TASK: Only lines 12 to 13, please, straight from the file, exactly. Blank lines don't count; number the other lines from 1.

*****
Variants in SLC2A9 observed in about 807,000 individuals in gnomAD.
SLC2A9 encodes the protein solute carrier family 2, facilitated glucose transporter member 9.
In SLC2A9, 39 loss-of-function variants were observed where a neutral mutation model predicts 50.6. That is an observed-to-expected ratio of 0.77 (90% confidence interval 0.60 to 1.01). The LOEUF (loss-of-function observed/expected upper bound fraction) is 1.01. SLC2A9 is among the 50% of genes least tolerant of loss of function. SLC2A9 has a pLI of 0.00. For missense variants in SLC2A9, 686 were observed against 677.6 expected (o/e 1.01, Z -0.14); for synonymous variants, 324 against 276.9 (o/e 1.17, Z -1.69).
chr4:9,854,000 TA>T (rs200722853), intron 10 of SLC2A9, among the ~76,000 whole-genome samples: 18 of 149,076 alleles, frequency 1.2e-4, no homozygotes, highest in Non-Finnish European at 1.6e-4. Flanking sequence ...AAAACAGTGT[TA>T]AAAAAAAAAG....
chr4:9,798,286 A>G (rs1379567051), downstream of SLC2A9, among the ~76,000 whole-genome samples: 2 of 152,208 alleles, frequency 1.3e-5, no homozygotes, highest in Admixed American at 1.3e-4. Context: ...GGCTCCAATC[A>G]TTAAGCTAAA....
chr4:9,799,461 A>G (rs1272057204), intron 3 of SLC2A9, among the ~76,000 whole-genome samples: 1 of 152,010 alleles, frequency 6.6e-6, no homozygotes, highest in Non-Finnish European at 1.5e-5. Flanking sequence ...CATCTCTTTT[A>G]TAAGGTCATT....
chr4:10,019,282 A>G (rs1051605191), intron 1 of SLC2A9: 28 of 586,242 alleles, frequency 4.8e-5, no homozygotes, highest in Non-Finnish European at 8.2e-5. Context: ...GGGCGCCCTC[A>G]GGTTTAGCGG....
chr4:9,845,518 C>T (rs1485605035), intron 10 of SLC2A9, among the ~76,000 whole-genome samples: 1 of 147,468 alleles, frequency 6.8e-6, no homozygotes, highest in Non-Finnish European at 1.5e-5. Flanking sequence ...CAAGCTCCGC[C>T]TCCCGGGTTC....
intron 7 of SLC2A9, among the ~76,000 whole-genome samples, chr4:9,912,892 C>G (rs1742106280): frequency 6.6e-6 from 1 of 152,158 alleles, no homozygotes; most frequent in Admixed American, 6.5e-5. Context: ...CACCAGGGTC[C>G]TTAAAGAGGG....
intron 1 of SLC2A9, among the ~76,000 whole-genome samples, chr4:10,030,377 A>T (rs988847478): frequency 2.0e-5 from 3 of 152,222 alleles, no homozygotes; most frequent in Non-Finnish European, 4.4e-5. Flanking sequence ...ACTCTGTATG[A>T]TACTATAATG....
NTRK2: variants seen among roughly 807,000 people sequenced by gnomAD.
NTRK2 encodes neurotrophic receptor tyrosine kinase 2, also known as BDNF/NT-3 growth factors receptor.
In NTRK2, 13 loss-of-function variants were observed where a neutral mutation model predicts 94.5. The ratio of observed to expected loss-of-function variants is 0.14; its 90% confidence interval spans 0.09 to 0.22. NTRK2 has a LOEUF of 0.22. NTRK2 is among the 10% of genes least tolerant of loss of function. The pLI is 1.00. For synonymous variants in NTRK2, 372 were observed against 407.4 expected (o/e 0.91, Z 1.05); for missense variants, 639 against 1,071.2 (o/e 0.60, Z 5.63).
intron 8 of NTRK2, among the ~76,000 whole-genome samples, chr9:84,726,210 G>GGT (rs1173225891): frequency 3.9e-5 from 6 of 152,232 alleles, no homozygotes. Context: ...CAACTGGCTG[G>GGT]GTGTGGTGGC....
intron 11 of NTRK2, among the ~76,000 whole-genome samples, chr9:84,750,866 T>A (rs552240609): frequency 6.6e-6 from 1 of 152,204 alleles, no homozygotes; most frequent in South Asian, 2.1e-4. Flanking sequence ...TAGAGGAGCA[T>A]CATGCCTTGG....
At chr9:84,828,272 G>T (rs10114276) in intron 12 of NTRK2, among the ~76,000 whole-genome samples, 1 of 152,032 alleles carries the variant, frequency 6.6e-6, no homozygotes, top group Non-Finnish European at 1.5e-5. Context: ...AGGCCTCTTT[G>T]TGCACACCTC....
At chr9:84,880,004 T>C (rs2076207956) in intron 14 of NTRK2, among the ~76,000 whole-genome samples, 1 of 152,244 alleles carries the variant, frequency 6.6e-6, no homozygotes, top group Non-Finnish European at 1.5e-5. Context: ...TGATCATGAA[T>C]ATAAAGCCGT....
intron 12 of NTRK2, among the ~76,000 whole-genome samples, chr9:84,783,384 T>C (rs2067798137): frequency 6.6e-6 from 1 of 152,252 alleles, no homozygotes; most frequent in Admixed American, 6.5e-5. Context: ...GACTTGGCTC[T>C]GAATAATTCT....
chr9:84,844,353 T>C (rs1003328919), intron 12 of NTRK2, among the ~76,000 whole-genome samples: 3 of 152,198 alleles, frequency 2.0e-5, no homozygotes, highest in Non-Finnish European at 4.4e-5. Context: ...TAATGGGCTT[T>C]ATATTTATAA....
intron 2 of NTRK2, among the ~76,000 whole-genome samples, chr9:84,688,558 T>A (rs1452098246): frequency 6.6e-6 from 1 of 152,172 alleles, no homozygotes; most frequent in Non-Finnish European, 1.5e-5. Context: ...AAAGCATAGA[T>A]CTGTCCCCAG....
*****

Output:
NTRK2 encodes neurotrophic receptor tyrosine kinase 2, also known as BDNF/NT-3 growth factors receptor.
In NTRK2, 13 loss-of-function variants were observed where a neutral mutation model predicts 94.5. The ratio of observed to expected loss-of-function variants is 0.14; its 90% confidence interval spans 0.09 to 0.22. NTRK2 has a LOEUF of 0.22. NTRK2 is among the 10% of genes least tolerant of loss of function. The pLI is 1.00. For synonymous variants in NTRK2, 372 were observed against 407.4 expected (o/e 0.91, Z 1.05); for missense variants, 639 against 1,071.2 (o/e 0.60, Z 5.63).